Monday, May 1, 2017

Déjà vu (2006)

Lead by Denzel Washington, Déjà vu is a normal product of Hollywood’s industry, in its most commercial ways; and that means a lots of effects, technically perfects, in a mediocre plot, structured to support the effects. It also preys in the field of physics and quantum, as it's being the new normal in the arts; but with the same sense of support a mediocre argument, to support the magnificent effects, and so on. That's the normal, but what makes this production singular is the effectiveness in the treatment of the subject; that's the way it draws the rupture of the continuous space-time, where the others —more substantial— epically fails. The plot develops the weakest —but fastuous— theory of the multiverses and play with its possibilities; this theory says a given situation have multiple outcomes, all of them factual and objectives, not just potentials.

The theory is weak, because doesn't have a material prove nor logical, contradicting the essential and necessary unity of the reality; which troubles all the artistic approaches to the subject, due the lack of perspective on the realm. That's why any approach to this problem fails, at the moment of explain the rupture of the continuous; except this one, appealing at the only think potentially able to broke the strictly laws of physics, the human will... because the conscience. The problem is dramatic and then attractive, no matter its scientific nature, or perhaps because that scientific nature; we saw it on Interstellar (2015) with Matthew McConaughey, and in many others. All of then recreates the intricate situation of multiple dimensions colliding, because is rich in dramatism; but all of them fail to explain how or why that given dimensions collide, inflicting the whole drama with the primary weakness of the theory.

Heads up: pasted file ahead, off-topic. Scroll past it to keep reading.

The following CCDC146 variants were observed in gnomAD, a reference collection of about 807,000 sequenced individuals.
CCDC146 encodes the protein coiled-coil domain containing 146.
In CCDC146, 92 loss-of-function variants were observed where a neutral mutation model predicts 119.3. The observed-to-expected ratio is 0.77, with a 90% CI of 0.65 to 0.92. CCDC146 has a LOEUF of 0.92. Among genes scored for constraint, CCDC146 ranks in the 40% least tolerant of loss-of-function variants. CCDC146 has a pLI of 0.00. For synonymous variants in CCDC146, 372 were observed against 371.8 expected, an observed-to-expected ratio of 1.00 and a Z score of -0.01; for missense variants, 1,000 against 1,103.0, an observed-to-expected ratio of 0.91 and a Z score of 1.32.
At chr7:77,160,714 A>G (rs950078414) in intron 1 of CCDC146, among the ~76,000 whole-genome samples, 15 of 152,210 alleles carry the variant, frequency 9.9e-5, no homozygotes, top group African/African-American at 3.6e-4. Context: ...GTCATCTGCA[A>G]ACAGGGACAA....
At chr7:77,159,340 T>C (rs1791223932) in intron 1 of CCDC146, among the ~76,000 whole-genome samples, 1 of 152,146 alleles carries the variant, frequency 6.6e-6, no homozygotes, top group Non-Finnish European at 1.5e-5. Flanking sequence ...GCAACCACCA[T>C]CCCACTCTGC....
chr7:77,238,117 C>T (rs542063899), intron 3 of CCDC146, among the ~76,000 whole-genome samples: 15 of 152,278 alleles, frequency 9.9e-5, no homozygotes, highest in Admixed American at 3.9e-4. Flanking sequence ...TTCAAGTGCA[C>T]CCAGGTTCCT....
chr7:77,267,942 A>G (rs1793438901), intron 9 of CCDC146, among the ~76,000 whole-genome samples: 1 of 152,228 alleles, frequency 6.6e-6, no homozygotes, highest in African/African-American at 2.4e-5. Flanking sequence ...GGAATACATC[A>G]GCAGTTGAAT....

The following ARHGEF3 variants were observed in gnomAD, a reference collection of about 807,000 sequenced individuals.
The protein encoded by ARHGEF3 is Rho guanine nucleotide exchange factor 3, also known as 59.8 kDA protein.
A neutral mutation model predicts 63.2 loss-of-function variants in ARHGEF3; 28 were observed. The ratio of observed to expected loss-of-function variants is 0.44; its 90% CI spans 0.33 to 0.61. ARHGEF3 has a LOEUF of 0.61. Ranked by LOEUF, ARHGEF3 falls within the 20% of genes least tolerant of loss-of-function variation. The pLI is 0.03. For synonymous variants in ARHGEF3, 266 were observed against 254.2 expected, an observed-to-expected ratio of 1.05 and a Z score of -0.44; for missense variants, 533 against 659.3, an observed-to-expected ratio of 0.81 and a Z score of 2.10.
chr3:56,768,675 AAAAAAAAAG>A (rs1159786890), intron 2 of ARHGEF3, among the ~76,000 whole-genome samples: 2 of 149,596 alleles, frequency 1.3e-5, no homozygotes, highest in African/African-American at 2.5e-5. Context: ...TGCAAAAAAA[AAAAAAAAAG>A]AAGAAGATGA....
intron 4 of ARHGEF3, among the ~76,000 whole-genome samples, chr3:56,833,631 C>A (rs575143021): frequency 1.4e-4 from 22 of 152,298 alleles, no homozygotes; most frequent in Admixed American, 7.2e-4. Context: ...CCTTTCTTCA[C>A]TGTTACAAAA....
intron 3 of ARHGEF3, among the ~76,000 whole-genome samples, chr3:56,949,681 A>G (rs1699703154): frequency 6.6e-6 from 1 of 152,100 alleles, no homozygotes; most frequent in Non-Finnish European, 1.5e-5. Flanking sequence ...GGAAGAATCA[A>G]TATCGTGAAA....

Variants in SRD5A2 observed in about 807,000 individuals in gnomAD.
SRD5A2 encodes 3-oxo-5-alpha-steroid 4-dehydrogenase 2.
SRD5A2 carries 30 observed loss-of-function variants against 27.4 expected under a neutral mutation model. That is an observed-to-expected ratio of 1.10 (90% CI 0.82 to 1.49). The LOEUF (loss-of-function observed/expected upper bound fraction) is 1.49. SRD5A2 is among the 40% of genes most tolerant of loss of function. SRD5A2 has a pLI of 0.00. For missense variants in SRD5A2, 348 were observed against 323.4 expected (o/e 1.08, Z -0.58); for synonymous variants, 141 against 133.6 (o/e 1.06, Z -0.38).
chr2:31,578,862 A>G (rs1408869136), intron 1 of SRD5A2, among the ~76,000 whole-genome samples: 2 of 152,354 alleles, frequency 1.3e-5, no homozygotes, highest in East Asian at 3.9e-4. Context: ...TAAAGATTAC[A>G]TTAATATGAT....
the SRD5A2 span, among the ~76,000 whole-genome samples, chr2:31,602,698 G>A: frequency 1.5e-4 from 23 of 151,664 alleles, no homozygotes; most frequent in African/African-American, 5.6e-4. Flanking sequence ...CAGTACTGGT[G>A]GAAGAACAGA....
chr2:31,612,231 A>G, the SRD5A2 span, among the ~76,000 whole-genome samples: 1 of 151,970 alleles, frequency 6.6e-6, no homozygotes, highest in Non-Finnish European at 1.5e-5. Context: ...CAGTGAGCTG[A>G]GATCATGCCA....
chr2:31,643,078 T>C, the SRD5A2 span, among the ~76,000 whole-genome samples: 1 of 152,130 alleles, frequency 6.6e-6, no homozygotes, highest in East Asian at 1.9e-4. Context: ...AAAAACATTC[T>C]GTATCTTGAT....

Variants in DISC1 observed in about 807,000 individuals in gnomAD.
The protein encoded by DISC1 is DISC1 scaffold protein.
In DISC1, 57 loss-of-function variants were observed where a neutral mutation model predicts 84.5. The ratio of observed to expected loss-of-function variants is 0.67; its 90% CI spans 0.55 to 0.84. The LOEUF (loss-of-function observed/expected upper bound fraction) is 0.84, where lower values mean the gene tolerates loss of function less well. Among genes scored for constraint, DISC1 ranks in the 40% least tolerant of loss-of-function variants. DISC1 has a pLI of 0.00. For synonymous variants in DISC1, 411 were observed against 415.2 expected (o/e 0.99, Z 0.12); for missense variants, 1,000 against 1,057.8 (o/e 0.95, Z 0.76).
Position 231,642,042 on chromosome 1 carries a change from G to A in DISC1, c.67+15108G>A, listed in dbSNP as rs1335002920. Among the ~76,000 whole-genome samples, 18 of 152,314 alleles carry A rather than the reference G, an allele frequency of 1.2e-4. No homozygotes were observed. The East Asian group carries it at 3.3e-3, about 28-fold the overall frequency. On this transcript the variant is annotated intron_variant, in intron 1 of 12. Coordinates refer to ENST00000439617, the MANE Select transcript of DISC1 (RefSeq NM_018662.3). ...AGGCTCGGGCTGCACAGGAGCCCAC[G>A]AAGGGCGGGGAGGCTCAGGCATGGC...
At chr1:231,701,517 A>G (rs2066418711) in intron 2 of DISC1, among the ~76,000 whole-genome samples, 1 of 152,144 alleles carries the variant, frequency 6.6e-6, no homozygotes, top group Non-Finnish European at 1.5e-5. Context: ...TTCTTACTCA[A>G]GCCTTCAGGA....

Here's where the film becomes interesting, in the mediocrity of a plot that doesn't rely in the accidental singularity; the others bet just this accidental singularity, because is the only way they can rationalize the singularity itself. The problem is that nature doesn’t accept accidents, it has its laws more enforced than humans because it is the reality and not a culture or a moral system; and that’s why those script aren’t credible at all, because reality doesn’t accept exceptions like these. The only exception possible to any given reality comes from the exceptionality of the phenomena which originate it; and that means that in the whole nature, the human been is the only entity able to broke the continuous space-time, with its will.

It’s worthy to see the film with all its mediocrity, just to see this beautiful singularity of the only plot that raises this point; the ability of the humans to broke the unbreakable and set a new reality, which will be a new dimension of life, with its own possibilities. At the end, we can remember that particles are undetermined until observed, and even them are able to retain multiple states as its own; which relates to the indetermination of the reality as a principle, stating a physic problem more consistently than the more substantial proposals. As a whole, this is the only merit of the film —and the perfection of the effects—, and not even the normally perfect Washington; too old here to be good enough, exploiting that sex appeal of the romantic ingredient. Not a person has been successful showing its bare torso after sixties, only Clint Eastwood; not matters even the tenderness and softness of the black skin in Washington, compared with the early wrinkled and spotted of Eastwood.

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